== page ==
Florin JACL, CAIR-Sacramento Valley Members Allege Racism, Denial of Service At Bishop, CA Bowling Alley During Manzanar Pilgrimage Weekend

The following is a letter sent by representatives of the Florin chapter of the Japanese American Citizens League and the Council on American Islamic Relations – Sacramento Valley.

To download a printable copy of the complaint letter, click on the image above.

May 13, 2015

Mr. Thomas L. Flesia, Owner
Ms. Helen French, Manager
Ms. Trina Favel, Manager
Back Alley Bowling, Bar, and Grill
BMTI Corp.
649 N. Main Street
Bishop, CA 93514

RE: Denial of Service at Back Alley Bowl in Bishop on April 25, 2015

Dear Mr. Flesia, Ms. French and Ms. Favel:

The Florin Manzanar Pilgrimage Committee sponsored the Asian American and Muslim American young adult group [was] denied service by Back Alley Bowling, Bar, and Grill employees in Bishop on the night of Saturday, April 25, 2015. This discrimination in public accommodations deeply offended us and denied our civil rights.

The Florin Manzanar Pilgrimage is a ten-year project of the Florin Japanese American Citizens League (Florin JACL) and the Council on American Islamic Relations-Sacramento Valley (CAIR-SV). Since our group has faced similar racism and bigotry at Back Alley Bowl in the past, this is particularly egregious. Fundamental changes need to be made.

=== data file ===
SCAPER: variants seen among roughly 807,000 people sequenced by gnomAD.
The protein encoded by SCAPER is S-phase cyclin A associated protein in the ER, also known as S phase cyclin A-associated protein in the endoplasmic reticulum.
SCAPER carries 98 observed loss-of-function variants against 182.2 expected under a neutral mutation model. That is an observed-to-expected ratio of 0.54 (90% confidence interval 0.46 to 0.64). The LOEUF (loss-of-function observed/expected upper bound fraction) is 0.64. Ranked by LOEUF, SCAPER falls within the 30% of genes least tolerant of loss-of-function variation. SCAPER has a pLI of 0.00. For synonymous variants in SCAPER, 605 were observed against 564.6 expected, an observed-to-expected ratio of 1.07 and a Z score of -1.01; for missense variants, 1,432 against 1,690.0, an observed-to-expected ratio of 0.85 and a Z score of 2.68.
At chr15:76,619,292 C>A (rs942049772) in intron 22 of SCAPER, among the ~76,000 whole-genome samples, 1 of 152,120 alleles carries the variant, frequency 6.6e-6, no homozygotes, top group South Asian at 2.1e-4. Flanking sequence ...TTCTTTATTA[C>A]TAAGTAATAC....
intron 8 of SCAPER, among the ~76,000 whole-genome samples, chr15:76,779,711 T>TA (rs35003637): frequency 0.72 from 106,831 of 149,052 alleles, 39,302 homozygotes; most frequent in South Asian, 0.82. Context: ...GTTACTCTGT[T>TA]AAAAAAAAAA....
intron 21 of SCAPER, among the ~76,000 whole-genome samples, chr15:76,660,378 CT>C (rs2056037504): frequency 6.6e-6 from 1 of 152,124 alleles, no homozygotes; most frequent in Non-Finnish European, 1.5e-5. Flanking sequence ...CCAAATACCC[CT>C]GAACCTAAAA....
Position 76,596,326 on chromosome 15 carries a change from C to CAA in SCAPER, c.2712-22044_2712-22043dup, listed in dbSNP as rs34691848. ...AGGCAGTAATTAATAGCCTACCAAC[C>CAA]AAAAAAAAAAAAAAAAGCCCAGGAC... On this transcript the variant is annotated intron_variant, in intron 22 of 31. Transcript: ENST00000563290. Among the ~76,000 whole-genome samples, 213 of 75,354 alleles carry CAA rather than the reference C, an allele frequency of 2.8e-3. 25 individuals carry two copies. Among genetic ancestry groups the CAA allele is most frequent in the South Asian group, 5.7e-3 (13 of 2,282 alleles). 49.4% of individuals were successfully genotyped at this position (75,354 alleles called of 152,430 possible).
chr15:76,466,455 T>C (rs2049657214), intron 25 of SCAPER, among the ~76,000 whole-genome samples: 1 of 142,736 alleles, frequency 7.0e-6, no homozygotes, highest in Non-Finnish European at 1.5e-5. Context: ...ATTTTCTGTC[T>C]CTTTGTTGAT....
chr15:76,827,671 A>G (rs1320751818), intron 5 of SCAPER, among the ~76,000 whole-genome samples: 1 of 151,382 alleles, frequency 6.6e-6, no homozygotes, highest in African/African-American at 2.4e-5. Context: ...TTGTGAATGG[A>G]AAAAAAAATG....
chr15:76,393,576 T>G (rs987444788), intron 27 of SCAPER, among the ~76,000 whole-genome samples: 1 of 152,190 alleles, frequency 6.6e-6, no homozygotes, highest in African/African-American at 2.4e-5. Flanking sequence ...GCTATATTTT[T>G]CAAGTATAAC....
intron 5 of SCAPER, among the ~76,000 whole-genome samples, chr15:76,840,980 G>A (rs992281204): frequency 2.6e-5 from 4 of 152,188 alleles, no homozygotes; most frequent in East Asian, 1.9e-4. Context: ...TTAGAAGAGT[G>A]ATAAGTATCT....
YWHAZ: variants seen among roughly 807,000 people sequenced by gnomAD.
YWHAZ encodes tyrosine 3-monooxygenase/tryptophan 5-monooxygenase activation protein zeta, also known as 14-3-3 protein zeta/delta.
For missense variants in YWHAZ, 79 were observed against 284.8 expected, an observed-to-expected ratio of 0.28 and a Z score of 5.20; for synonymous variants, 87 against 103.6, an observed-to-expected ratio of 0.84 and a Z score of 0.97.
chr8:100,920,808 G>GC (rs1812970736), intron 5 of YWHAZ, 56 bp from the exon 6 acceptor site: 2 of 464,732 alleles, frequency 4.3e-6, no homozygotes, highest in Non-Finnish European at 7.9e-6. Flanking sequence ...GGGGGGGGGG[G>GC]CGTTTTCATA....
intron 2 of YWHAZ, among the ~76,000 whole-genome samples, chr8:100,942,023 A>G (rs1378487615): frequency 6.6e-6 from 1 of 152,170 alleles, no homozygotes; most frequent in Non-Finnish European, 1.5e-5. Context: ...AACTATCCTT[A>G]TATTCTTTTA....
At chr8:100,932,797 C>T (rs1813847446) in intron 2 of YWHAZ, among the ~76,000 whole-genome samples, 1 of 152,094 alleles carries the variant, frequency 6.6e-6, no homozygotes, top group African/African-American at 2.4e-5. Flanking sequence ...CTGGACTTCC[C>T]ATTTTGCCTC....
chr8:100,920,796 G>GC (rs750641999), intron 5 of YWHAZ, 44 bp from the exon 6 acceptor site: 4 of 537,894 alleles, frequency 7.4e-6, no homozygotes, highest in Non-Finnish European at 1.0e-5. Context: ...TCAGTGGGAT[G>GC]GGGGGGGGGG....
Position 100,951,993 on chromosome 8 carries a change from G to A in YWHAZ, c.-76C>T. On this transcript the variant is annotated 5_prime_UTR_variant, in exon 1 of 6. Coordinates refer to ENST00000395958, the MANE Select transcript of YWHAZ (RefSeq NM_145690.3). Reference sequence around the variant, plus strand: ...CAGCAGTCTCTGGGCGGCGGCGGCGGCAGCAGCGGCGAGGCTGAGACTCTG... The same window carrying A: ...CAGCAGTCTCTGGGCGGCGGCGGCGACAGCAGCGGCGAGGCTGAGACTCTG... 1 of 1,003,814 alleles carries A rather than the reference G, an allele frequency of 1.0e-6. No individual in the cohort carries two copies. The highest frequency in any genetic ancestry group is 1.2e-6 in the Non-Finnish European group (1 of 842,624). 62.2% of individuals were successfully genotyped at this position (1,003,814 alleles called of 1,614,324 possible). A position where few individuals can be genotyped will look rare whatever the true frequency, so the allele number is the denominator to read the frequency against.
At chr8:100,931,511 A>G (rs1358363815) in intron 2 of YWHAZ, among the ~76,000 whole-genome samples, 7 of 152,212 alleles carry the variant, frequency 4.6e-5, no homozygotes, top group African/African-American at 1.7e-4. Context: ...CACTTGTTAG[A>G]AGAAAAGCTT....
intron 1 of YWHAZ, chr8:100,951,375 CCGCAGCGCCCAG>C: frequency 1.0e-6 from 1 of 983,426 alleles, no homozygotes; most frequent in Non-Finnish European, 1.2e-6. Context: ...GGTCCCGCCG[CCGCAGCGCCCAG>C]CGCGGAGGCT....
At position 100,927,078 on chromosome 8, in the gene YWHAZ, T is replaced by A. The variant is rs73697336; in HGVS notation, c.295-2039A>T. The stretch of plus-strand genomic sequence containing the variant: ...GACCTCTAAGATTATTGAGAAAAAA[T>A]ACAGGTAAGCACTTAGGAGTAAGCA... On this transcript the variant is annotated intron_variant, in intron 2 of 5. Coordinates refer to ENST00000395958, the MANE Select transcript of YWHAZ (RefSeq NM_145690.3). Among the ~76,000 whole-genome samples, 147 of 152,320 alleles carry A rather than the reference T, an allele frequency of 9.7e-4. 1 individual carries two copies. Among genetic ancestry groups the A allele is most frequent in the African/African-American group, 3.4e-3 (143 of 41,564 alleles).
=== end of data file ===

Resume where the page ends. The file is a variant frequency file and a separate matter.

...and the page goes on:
This mistreatment is an insult to the 1,500 people, especially those senior travelers in our group imprisoned during World War II, who come annually to the area to visit Manzanar National Historic Site. They come to learn about America’s World War II concentration camps, the lessons for today, and to stand up against such ignorance and discrimination targeting innocent people.

Our investigation of the circumstances that day shows the following. Our group of 15 Asian American and Muslim American young adults, plus some older members and senior citizens, was denied service at Back Alley Bowl on three occasions on the night of April 25, 2015. They conducted themselves in a civil, reasonable manner at all times, offering workable options to bowl, despite alleged computer problems and shutting down the business early though posted hours were until midnight.

About 9:45 PM, the night of Saturday, April 25th, a group of 8-10 Asian and Muslim Americans went to Back Alley Bowl to bowl. The “open” sign outside was lit and the establishment was operating. Three bowling alley lanes were open and lit with two of them occupied by a white family group. Some patrons were drinking at the bar and eating inside the restaurant.

When our group asked the young clerk if they could bowl he was flippant and rude. He claimed that the computer system was down and they couldn’t bowl. Though doubting a computer system could be down when people were still bowling, our group tried to find reasonable solutions. They asked that the computer be rebooted, offered to wait for a repair person to come, to use the vacant lane, wait for the family to finish, pay cash if the cash register was down, hang out buying food and beverages, or even just watch the family bowl. They were met with flimsy excuses, lies, a statement that the family had been bowling with the system down for the past three hours, and the clerk saying they were shutting down.